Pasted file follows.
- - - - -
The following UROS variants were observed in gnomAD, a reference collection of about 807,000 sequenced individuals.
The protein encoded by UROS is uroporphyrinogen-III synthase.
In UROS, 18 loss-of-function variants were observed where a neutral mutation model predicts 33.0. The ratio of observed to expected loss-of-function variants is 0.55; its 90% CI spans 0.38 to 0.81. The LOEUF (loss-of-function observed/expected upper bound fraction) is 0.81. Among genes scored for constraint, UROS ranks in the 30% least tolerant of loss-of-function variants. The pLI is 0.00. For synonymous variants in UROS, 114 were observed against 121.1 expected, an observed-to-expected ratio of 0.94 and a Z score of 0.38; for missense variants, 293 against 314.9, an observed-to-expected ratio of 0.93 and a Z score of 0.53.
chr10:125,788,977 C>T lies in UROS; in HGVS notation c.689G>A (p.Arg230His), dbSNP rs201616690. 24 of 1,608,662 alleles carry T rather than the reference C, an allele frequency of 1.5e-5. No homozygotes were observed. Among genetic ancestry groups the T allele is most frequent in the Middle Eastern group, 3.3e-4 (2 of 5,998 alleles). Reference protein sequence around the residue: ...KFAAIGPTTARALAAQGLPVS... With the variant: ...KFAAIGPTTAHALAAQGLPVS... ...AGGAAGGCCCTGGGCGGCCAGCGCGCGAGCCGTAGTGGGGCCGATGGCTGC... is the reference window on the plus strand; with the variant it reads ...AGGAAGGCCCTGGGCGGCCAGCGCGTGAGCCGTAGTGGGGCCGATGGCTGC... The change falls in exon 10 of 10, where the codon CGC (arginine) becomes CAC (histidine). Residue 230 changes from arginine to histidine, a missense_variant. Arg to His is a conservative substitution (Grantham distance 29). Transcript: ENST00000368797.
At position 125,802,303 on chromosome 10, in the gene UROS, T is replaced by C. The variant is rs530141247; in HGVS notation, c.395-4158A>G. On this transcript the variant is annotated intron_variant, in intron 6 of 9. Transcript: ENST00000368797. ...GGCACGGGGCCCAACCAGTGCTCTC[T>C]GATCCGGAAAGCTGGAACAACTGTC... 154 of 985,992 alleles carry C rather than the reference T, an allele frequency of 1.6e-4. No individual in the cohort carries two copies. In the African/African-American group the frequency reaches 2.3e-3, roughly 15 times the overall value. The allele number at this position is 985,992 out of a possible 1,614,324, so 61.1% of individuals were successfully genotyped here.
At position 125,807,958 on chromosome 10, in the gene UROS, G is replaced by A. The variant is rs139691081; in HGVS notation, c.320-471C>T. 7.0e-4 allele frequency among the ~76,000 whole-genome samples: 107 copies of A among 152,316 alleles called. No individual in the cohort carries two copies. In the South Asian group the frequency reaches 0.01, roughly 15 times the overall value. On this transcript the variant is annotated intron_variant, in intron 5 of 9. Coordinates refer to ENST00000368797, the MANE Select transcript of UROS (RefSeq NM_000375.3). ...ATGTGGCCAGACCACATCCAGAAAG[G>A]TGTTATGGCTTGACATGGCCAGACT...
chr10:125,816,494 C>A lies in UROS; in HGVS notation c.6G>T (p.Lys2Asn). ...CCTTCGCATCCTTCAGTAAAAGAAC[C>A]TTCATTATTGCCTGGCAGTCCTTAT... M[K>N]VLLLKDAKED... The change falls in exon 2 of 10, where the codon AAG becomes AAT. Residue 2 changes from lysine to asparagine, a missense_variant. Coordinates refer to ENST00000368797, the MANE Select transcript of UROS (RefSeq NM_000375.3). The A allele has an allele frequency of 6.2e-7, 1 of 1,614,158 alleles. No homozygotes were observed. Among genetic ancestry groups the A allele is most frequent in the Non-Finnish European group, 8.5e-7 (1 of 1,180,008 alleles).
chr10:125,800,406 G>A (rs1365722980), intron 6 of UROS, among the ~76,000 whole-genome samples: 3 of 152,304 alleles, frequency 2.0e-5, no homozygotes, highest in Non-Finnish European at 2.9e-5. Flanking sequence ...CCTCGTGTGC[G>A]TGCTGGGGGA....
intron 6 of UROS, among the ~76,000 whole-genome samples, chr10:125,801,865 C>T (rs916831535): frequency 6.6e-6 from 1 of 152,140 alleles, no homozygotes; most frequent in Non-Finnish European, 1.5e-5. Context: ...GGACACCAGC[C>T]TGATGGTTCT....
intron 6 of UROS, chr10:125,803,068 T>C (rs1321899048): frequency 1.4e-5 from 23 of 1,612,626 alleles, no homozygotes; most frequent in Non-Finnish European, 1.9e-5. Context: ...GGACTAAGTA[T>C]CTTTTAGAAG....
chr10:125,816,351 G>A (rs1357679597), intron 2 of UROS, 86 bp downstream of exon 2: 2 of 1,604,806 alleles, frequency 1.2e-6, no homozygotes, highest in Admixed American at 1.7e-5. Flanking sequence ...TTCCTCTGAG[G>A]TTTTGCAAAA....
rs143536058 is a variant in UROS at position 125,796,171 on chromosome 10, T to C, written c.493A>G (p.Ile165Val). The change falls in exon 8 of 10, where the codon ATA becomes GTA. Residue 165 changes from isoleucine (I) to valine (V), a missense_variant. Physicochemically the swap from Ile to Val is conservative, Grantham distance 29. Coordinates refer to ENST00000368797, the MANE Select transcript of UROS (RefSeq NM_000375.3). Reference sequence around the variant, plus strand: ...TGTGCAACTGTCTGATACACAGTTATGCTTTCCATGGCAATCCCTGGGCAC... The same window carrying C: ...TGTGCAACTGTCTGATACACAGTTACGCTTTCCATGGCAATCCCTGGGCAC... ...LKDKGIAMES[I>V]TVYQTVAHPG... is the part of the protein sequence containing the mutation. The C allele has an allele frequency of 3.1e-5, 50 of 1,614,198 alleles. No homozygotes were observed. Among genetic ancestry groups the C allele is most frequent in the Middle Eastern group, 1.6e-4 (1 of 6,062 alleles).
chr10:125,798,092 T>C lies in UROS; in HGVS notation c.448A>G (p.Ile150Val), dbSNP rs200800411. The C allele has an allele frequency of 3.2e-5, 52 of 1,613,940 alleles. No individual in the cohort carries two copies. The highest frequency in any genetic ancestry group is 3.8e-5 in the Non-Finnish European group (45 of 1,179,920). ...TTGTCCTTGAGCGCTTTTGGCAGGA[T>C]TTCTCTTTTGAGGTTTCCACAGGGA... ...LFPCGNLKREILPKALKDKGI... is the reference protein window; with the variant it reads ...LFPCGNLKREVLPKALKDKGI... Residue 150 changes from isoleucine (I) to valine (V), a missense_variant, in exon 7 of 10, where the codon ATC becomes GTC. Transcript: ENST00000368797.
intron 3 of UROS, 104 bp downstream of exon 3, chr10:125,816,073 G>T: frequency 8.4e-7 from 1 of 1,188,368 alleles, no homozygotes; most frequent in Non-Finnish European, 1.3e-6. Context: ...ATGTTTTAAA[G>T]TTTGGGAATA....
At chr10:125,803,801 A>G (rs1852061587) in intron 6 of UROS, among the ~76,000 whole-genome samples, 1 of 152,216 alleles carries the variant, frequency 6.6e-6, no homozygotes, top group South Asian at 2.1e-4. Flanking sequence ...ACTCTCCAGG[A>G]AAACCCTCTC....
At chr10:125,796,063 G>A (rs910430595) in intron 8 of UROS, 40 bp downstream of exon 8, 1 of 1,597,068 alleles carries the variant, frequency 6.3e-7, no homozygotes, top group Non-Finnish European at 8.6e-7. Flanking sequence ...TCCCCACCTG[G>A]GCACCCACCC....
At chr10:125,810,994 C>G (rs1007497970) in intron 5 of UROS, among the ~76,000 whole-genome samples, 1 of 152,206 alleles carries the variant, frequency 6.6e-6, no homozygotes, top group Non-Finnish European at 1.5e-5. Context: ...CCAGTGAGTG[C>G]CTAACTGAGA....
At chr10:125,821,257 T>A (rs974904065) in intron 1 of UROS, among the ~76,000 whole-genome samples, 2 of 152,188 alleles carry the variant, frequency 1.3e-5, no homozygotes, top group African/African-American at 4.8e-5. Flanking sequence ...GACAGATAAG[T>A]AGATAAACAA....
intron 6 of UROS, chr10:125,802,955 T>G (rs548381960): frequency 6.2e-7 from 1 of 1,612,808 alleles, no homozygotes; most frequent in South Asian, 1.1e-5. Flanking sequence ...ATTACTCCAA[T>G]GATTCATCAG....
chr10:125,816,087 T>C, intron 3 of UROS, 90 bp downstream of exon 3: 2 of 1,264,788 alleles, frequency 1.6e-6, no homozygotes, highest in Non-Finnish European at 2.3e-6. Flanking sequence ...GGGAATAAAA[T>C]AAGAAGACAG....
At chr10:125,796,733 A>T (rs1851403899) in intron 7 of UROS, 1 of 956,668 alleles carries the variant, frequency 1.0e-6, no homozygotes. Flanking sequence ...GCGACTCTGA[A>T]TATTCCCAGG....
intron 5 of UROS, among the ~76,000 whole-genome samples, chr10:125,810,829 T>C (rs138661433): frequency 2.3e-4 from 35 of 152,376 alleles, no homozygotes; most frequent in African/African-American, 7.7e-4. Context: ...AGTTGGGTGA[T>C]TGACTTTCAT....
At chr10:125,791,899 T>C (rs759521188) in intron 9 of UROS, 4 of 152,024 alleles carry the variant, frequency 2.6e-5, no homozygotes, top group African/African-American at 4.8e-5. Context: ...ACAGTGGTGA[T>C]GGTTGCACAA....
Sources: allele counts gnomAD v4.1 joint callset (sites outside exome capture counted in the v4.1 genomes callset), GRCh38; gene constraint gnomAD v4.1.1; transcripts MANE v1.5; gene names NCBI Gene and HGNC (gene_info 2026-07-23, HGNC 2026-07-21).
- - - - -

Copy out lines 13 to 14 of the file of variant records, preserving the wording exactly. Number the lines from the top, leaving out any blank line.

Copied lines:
chr10:125,798,092 T>C lies in UROS; in HGVS notation c.448A>G (p.Ile150Val), dbSNP rs200800411. The C allele has an allele frequency of 3.2e-5, 52 of 1,613,940 alleles. No individual in the cohort carries two copies. The highest frequency in any genetic ancestry group is 3.8e-5 in the Non-Finnish European group (45 of 1,179,920). ...TTGTCCTTGAGCGCTTTTGGCAGGA[T>C]TTCTCTTTTGAGGTTTCCACAGGGA... ...LFPCGNLKREILPKALKDKGI... is the reference protein window; with the variant it reads ...LFPCGNLKREVLPKALKDKGI... Residue 150 changes from isoleucine (I) to valine (V), a missense_variant, in exon 7 of 10, where the codon ATC becomes GTC. Transcript: ENST00000368797.
intron 3 of UROS, 104 bp downstream of exon 3, chr10:125,816,073 G>T: frequency 8.4e-7 from 1 of 1,188,368 alleles, no homozygotes; most frequent in Non-Finnish European, 1.3e-6. Context: ...ATGTTTTAAA[G>T]TTTGGGAATA....